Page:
SEOUL -- Johnny Only, an American toddler music entertainer known for his rendition of "Baby Shark," showed no intention of giving up a legal battle against a Korean YouTube video containing the same song that went viral worldwide and lodged an appeal against a court decision that children's songs handed down by oral tradition are not copyrighted.
Only filed a suit seeking damage compensation in March 2019, accusing South Korea's education and entertainment company, SmartStudy, which owns "Baby Shark" creator Pinkfong. In its ruling on July 23, the Seoul Central District Court refused to recognize copyright infringement, saying Pinkfong’s "Baby Shark" was based on a traditional singalong chant.
Through his legal representative, Only sent an appeal to the court on August 11.
Technically no one owns the song. Like all traditional songs, Baby Shark has been passed down orally through generations. The chant is typically sung without music and includes bloody details in its lyrics that detail a shark attack. Only created his version in 2011 and replaced the gory lyrics with lines including "saw a fin do do do do do do," "I swam faster do do do do do do," "lifeguard running do do do do do do" and "saved my life do do do do do do."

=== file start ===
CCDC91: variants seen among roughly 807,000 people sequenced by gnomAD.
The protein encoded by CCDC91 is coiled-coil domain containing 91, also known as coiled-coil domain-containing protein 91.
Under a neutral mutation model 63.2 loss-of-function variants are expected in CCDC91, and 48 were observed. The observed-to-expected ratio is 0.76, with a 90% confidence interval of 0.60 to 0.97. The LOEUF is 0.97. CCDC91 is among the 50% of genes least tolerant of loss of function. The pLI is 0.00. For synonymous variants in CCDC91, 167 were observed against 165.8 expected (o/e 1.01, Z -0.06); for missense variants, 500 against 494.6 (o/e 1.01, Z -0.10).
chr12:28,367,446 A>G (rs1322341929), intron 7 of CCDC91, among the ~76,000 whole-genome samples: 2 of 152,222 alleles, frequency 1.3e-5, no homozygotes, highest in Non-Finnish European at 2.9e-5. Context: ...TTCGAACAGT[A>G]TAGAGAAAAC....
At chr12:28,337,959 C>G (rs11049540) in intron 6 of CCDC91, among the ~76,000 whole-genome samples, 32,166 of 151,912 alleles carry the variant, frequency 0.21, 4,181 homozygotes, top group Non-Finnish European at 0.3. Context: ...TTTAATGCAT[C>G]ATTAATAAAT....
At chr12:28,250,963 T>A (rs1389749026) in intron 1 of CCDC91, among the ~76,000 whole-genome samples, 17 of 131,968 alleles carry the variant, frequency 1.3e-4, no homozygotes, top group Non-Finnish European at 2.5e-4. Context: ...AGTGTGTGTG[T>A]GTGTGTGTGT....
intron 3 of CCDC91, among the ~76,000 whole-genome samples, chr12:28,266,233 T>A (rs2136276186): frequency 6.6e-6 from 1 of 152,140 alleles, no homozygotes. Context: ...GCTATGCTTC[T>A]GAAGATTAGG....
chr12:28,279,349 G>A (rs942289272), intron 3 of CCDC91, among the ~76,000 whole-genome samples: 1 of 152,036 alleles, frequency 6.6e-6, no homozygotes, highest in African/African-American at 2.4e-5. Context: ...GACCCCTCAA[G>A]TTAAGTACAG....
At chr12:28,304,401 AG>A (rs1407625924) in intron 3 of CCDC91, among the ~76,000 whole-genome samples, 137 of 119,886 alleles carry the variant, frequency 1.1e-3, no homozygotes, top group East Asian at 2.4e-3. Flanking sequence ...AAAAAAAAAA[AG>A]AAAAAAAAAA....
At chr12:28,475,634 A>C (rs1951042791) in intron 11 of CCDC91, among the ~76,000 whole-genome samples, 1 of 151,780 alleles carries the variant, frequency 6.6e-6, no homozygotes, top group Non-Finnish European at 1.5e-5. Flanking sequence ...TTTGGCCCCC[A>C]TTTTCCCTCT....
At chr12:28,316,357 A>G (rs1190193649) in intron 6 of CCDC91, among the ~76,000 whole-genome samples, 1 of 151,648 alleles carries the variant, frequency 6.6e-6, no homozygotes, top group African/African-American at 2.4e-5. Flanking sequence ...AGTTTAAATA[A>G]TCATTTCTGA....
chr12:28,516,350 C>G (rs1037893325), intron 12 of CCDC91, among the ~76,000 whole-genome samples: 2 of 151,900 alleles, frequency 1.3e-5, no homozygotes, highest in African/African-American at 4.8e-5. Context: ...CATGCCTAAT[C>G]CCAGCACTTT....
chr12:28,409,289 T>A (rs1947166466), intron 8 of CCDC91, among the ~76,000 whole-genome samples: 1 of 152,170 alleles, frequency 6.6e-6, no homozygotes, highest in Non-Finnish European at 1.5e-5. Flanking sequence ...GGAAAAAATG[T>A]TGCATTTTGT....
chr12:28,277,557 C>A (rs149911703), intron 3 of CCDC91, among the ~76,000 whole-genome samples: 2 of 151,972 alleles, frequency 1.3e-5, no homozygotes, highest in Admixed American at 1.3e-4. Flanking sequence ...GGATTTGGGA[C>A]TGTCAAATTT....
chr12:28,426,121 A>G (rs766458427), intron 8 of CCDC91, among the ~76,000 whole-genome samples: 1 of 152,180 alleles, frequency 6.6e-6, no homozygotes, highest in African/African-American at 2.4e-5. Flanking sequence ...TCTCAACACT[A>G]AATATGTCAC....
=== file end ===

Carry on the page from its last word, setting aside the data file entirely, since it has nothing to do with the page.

Smart Study's version, released in November 2015, has made a phenomenal hit worldwide. The cartoon animation song depicts a story about a family of great white sharks with colorful visuals and a catchy melody. The video was uploaded again in 2016, this time labeled "Baby Shark Dance," which became one of the most-watched videos on YouTube.
The legal battle dates back to 2018 when South Korea's main right-win opposition party used Baby Shark as an election campaign song, saying it has secured approval from Only. SmartStudy threatened legal action over copyright infringement, insisting its content creators have recreated Baby Shark by adding upbeat rhythms and fresh melody.
The lower court in Seoul said in its earlier ruling that Only's version did not add a new creative element to the old song, citing judgment from the Korea Copyright Commission that Only's song is not considered to have added a new accompaniment to the oral song, but merely added an instrument.
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